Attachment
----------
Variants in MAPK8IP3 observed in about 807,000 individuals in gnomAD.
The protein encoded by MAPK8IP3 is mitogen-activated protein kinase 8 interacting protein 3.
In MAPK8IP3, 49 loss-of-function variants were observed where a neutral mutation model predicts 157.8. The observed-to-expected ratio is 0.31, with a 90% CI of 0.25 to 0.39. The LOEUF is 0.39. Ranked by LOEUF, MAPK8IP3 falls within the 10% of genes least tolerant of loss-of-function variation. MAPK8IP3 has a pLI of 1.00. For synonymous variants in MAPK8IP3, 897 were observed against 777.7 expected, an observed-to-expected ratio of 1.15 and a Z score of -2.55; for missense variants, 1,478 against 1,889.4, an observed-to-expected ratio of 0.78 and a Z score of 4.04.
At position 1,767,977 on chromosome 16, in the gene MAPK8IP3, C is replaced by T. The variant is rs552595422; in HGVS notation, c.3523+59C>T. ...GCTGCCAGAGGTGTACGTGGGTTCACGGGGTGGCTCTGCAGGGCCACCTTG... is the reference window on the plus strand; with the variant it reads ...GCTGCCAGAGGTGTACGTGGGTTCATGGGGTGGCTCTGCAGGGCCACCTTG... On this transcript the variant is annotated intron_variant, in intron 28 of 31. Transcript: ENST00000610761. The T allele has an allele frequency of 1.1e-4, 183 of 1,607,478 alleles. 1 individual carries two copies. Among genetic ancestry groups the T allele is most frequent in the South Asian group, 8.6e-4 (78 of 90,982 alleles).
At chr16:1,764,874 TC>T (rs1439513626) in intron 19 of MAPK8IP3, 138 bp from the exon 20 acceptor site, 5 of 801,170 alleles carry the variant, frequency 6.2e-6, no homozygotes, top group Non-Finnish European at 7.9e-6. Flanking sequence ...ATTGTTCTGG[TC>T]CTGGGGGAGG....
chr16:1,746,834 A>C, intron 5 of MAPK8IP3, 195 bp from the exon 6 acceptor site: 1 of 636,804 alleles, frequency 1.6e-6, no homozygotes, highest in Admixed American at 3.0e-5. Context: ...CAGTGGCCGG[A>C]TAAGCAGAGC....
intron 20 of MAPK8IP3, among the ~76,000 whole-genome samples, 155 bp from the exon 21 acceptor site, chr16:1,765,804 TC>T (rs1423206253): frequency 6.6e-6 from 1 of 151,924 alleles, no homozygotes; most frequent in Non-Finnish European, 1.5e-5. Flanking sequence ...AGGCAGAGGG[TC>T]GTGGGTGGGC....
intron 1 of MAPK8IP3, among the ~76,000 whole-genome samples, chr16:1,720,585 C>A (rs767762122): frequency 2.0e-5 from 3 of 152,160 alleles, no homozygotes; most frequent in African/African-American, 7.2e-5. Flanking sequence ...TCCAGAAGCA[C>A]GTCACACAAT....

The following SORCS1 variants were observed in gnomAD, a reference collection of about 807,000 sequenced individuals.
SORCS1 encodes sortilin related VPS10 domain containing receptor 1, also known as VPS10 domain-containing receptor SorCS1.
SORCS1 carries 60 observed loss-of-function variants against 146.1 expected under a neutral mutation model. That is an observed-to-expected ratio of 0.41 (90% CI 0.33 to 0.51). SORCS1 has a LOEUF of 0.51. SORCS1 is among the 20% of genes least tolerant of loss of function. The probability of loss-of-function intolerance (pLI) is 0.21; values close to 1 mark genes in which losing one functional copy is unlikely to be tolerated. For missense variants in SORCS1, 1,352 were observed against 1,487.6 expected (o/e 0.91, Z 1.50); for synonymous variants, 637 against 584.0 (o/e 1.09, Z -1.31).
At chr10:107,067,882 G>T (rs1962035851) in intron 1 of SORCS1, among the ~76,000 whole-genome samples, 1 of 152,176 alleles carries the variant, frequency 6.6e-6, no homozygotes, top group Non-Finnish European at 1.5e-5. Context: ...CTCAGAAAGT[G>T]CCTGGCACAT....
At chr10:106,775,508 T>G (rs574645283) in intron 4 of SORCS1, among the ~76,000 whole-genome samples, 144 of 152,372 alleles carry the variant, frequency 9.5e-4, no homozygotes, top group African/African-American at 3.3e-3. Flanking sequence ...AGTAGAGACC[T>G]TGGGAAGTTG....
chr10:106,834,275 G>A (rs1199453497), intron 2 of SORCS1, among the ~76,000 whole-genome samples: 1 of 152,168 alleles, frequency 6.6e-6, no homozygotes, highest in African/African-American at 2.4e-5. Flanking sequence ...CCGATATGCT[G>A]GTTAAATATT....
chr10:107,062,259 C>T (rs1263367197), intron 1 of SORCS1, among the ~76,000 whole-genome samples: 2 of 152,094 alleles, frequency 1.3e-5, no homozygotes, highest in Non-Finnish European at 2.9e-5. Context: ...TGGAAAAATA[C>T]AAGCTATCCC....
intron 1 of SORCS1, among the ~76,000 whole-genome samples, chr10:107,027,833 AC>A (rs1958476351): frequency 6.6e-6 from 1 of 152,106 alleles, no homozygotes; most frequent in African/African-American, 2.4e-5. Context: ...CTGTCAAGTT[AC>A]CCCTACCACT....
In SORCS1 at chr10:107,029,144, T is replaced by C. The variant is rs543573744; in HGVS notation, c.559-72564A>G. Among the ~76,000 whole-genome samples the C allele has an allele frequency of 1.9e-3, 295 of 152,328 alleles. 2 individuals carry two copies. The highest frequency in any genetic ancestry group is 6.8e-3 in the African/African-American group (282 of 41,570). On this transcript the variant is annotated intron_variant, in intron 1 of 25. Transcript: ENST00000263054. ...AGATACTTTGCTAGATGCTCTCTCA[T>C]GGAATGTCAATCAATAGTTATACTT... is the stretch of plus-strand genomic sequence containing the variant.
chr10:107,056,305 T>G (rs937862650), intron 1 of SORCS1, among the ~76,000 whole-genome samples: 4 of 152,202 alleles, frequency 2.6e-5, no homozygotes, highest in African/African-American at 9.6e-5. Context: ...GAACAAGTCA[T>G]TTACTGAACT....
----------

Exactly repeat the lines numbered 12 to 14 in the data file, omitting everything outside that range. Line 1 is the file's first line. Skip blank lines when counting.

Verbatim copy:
At chr10:107,067,882 G>T (rs1962035851) in intron 1 of SORCS1, among the ~76,000 whole-genome samples, 1 of 152,176 alleles carries the variant, frequency 6.6e-6, no homozygotes, top group Non-Finnish European at 1.5e-5. Context: ...CTCAGAAAGT[G>T]CCTGGCACAT....
At chr10:106,775,508 T>G (rs574645283) in intron 4 of SORCS1, among the ~76,000 whole-genome samples, 144 of 152,372 alleles carry the variant, frequency 9.5e-4, no homozygotes, top group African/African-American at 3.3e-3. Flanking sequence ...AGTAGAGACC[T>G]TGGGAAGTTG....
chr10:106,834,275 G>A (rs1199453497), intron 2 of SORCS1, among the ~76,000 whole-genome samples: 1 of 152,168 alleles, frequency 6.6e-6, no homozygotes, highest in African/African-American at 2.4e-5. Flanking sequence ...CCGATATGCT[G>A]GTTAAATATT....